Thinking, Fast and Slow. By Daniel Kahneman
Thinking, Fast and Slow. By Daniel Kahneman. Farrar, Straus and Giroux 2011. 512 pages. ISBN: 0374275637; 9780374275631
Daniel Kahneman, recipient of the Nobel Prize in Economic Sciences for his seminal work in psychology that challenged the rational model of judgment and decision making, is one of our most important thinkers. His ideas have had a profound and widely regarded impact on many fields—including economics, medicine, and politics—but until now, he has never brought together his many years of research and thinking in one book.
In the highly anticipated Thinking, Fast and Slow, Kahneman takes us on a groundbreaking tour of the mind and explains the two systems that drive the way we think. System 1 is fast, intuitive, and emotional; System 2 is slower, more deliberative, and more logical. Kahneman exposes the extraordinary capabilities—and also the faults and biases—of fast thinking, and reveals the pervasive influence of intuitive impressions on our thoughts and behavior. The impact of loss aversion and overconfidence on corporate strategies, the difficulties of predicting what will make us happy in the future, the challenges of properly framing risks at work and at home, the profound effect of cognitive biases on everything from playing the stock market to planning the next vacation—each of these can be understood only by knowing how the two systems work together to shape our judgments and decisions.
Engaging the reader in a lively conversation about how we think, Kahneman reveals where we can and cannot trust our intuitions and how we can tap into the benefits of slow thinking. He offers practical and enlightening insights into how choices are made in both our business and our personal lives—and how we can use different techniques to guard against the mental glitches that often get us into trouble. Thinking, Fast and Slow will transform the way you think about thinking.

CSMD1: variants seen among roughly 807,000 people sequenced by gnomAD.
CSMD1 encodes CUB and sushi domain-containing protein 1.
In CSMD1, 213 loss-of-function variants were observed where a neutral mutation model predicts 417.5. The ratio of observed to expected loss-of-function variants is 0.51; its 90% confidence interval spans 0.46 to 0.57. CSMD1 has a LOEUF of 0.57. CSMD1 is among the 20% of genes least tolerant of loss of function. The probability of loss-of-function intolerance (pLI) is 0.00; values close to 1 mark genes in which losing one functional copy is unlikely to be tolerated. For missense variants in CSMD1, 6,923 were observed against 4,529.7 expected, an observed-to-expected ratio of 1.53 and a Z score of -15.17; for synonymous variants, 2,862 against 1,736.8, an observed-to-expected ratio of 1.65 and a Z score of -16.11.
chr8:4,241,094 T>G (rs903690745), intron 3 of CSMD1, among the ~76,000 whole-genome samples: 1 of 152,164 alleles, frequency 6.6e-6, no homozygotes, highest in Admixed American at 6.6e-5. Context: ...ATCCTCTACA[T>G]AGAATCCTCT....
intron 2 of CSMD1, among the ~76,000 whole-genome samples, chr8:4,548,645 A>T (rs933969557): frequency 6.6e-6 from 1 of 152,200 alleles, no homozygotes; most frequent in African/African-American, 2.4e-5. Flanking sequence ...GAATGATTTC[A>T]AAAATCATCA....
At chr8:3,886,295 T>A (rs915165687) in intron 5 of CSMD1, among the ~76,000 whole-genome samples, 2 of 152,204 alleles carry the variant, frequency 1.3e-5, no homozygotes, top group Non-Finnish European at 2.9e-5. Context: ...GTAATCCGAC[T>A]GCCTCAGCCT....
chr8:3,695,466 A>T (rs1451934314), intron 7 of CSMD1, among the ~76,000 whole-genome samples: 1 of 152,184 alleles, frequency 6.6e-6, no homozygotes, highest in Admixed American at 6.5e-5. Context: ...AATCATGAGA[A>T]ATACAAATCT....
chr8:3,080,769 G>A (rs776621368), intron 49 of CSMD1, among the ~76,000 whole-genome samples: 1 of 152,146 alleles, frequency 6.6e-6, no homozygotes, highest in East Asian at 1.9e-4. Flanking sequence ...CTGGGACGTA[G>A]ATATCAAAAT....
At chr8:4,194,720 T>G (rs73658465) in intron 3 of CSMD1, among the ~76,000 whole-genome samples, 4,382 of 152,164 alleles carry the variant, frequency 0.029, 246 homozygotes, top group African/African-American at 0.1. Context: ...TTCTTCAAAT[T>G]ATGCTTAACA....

Daniel Kahneman is Eugene Higgins Professor of Psychology Emeritus at Princeton University and a professor of public affairs at the Woodrow Wilson School of Public and International Affairs. He received the 2002 Nobel Prize in Economic Sciences for his pioneering work with Amos Tversky on decision-making.
“The mind is a hilariously muddled compromise between incompatible modes of thought in this fascinating treatise by a giant in the field of decision research. Nobel-winning psychologist Kahneman (Attention and Effort) posits a brain governed by two clashing decision-making processes. The largely unconscious System 1, he contends, makes intuitive snap judgments based on emotion, memory, and hard-wired rules of thumb; the painfully conscious System 2 laboriously checks the facts and does the math, but is so “lazy” and distractible that it usually defers to System 1. Kahneman uses this scheme to frame a scintillating discussion of his findings in cognitive psychology and behavioral economics, and of the ingenious experiments that tease out the irrational, self-contradictory logics that underlie our choices. We learn why we mistake statistical noise for coherent patterns; why the stock-picking of well-paid investment advisers and the prognostications of pundits are worthless; why businessmen tend to be both absurdly overconfident and unwisely risk-averse; and why memory affects decision making in counterintuitive ways. Kahneman’s primer adds to recent challenges to economic orthodoxies about rational actors and efficient markets; more than that, it’s a lucid, marvelously readable guide to spotting–and correcting–our biased misunderstandings of the world.” —Publishers’ Weekly (starred review)